Ipswich: Shake all you’ve got with Maxi Priest at the Regent

Maxi Priest, at the Ipswich Regent on March 23

Maxi Priest, at the Ipswich Regent on March 23 - Credit: Archant

Maxi Priest and I are bonding over pants; having our name written in them in felt tip as children to be precise.

“They bring all kinds of strange stuff as gifts; memorabilia, stuff you’d probably forgotten about. They bring all kinds of dolls of myself, I’ve had five or six of those; underwear with your name written all over it,” he laughs as we talk about his his enthusiastic Japanese fans.

“This is stuff they’ve made or got made, but it’s an appreciation that you’ve just got to go WOW. Growing up in England I guess there’s not too many people would think like that.”

Priest, who’s at The Ipswich Regent tomorrow, has just got back to England after some video shoots and shows in Jamaica, America and the Caribbean.

“It’s wonderful outside isn’t it? Nice hailstones, beautiful grey skies, cold,” he laughs.

Gaining worldwide recognition with Some Guys Have All The Luck and his cover of Cat Stevens’ Wild World, he’s followed in the footsteps of heroes like Bob Marley, Jimmy Cliff, Toots and The Maytals and Dennis Brown, helping spread the reggae far and wide.

Not that it’s always been easy. He’s worked hard for his success.

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“I would say so,” he laughs.

““There’s an old saying, ‘the good you do follows you’ and that’s what I’ve tried to bring, whatever it is I had, in an open-mind kind of way; not for it to be offensive to anybody. I think my records have kind of built that road. My name... it’s not attached to a lot of negativity.

“All of those things are part and parcel of, I guess, why we were allowed to play in a few places where I guess (other) people weren’t able.”

He’s one of only two British reggae acts to have an American Billboard number one courtesy of 1990’s Close to You in 1990.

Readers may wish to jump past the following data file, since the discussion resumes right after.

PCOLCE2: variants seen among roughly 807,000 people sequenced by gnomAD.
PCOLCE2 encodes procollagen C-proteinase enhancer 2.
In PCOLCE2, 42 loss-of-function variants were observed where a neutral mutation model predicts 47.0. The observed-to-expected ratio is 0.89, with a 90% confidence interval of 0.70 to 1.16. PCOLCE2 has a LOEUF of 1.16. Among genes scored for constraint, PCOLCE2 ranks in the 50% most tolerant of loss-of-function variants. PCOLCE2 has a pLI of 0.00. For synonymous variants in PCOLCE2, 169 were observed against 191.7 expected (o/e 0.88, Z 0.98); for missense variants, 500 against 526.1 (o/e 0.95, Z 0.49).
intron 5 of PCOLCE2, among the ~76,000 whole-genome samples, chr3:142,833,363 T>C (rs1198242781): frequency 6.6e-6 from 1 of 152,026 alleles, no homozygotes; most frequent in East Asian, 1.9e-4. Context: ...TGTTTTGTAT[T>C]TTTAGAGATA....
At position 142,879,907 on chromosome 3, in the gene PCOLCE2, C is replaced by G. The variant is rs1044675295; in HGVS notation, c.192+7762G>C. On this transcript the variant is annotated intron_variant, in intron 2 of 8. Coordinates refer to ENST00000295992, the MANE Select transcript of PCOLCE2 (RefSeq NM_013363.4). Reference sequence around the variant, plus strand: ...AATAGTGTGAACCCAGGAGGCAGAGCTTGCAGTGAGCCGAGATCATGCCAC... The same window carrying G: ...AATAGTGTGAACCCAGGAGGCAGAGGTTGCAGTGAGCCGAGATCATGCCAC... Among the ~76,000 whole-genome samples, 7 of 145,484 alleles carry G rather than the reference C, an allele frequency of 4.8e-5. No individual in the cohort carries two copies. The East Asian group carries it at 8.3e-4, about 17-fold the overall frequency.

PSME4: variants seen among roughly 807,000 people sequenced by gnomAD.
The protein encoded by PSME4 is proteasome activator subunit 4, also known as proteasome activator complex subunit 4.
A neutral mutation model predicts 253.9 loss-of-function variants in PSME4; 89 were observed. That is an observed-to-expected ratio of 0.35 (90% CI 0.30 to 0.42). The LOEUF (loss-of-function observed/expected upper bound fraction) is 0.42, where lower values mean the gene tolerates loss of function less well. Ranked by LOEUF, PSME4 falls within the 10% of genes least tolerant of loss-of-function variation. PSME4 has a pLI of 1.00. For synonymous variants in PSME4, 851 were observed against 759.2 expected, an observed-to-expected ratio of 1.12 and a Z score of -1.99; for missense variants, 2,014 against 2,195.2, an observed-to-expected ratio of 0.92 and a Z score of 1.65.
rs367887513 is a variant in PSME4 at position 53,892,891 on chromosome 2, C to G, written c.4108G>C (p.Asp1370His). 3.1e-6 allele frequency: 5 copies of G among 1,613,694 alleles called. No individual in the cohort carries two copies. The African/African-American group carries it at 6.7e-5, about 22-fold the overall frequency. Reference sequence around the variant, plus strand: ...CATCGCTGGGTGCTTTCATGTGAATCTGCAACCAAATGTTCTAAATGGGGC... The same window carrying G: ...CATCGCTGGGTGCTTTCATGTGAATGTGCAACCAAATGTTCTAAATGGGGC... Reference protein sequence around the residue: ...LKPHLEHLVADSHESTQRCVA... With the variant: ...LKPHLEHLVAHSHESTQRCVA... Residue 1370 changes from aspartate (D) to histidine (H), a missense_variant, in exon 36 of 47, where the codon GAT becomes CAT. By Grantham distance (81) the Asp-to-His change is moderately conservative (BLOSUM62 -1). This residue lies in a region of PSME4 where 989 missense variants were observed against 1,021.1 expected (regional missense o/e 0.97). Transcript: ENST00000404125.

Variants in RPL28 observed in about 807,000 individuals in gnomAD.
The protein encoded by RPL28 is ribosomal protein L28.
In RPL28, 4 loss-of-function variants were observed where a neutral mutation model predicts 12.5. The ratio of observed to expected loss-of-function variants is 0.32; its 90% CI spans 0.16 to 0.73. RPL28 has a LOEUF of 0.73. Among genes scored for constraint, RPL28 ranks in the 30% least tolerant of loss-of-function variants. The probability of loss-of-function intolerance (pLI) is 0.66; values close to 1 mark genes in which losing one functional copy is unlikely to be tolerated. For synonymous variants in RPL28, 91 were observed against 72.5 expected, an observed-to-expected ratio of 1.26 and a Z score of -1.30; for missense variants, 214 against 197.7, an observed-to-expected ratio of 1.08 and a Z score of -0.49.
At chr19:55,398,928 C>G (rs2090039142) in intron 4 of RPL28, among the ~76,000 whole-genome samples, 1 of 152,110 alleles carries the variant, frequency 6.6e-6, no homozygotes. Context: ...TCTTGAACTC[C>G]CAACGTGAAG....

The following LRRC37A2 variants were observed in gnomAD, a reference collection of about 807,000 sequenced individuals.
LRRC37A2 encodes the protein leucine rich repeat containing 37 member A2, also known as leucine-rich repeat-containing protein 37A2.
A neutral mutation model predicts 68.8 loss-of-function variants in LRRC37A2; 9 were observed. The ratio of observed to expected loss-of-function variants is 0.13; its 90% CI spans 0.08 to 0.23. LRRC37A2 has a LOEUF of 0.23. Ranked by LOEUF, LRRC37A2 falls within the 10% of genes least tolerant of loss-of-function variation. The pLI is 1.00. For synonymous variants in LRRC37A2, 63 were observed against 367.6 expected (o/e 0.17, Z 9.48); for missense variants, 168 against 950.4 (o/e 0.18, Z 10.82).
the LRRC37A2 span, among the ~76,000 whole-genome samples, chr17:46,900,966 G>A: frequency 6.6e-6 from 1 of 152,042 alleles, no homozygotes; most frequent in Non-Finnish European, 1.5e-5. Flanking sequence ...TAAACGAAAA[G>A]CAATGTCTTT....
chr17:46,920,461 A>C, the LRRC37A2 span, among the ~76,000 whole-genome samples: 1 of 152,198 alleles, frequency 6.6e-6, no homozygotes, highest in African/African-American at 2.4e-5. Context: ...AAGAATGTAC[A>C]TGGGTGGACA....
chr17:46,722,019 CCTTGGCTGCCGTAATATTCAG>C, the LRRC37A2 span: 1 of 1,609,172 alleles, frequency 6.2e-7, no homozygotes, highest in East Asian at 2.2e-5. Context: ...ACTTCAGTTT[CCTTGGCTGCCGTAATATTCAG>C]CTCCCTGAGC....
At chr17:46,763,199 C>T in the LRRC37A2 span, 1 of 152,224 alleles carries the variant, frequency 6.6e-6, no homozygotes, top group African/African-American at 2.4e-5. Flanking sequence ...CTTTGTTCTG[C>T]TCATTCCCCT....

“So they say, I’ve never researched it,” Priest laughs. “It’s fabulous. We want to keep knocking at the door for England as well.”

Set the Night to Music in 1991, a duet with Roberta Flack, was a hit in America. So was That Girl, his duet with Shaggy in 1996. He and Paul Robinson produced Philip Levi’s Mi God Mi King, which made history by becoming the first British reggae production to reach number one on the Jamaican charts; a feat unequalled to this day.

Raised in South London, he learned to sing in church; encouraged my his Pentecostal missionary mother.

“Growing up with RnB, pop and reggae in England, listening to a lot of Beatles, Motown, Sting, grassroots, gospel... all them have really allowed me to develop whatever style it is I sing. Back in the 1980s people somewhat had to pigeonhole stuff, audiences nowadays are a lot more rounded.

“I just look at myself as an artist, with an art that I don’t really like to limit; that’s one thing I’ve always been fighting for. I couldn’t see why it was that I had to be pigeonholed.”

His latest album, The Maximum Collection, including all the hits and some personal favorites, is dedicated to his mother, father and former managers Erskine Thompson and Zola Burse.

“Zola was my tour manager was also tour manager for people like Marvin Gaye, the Commodores people like that. Oh man, he used to tell me stories about Gaye in his room and calling him at one, two in the morning telling him there was little green men in the corner of the room and stuff like that and he wanted to change rooms; stories after stories.”

Priest can’t wait to visit Ipswich.

“I haven’t been there for donkey’s years. Oh my god, (audiences can expect) one massive party. A place and a time to let your hair down, shake all you’ve got and sing along with some stuff you know and enjoy some stuff you may not know.

“Coming to a Maxi Priest show is really all about having a party. I’ve had a great life, do you know what I’m saying. I wish I could achieve a lot more but I couldn’t complain with whatever success I’ve had, I’ve had a great innings - not that I’m out yet.”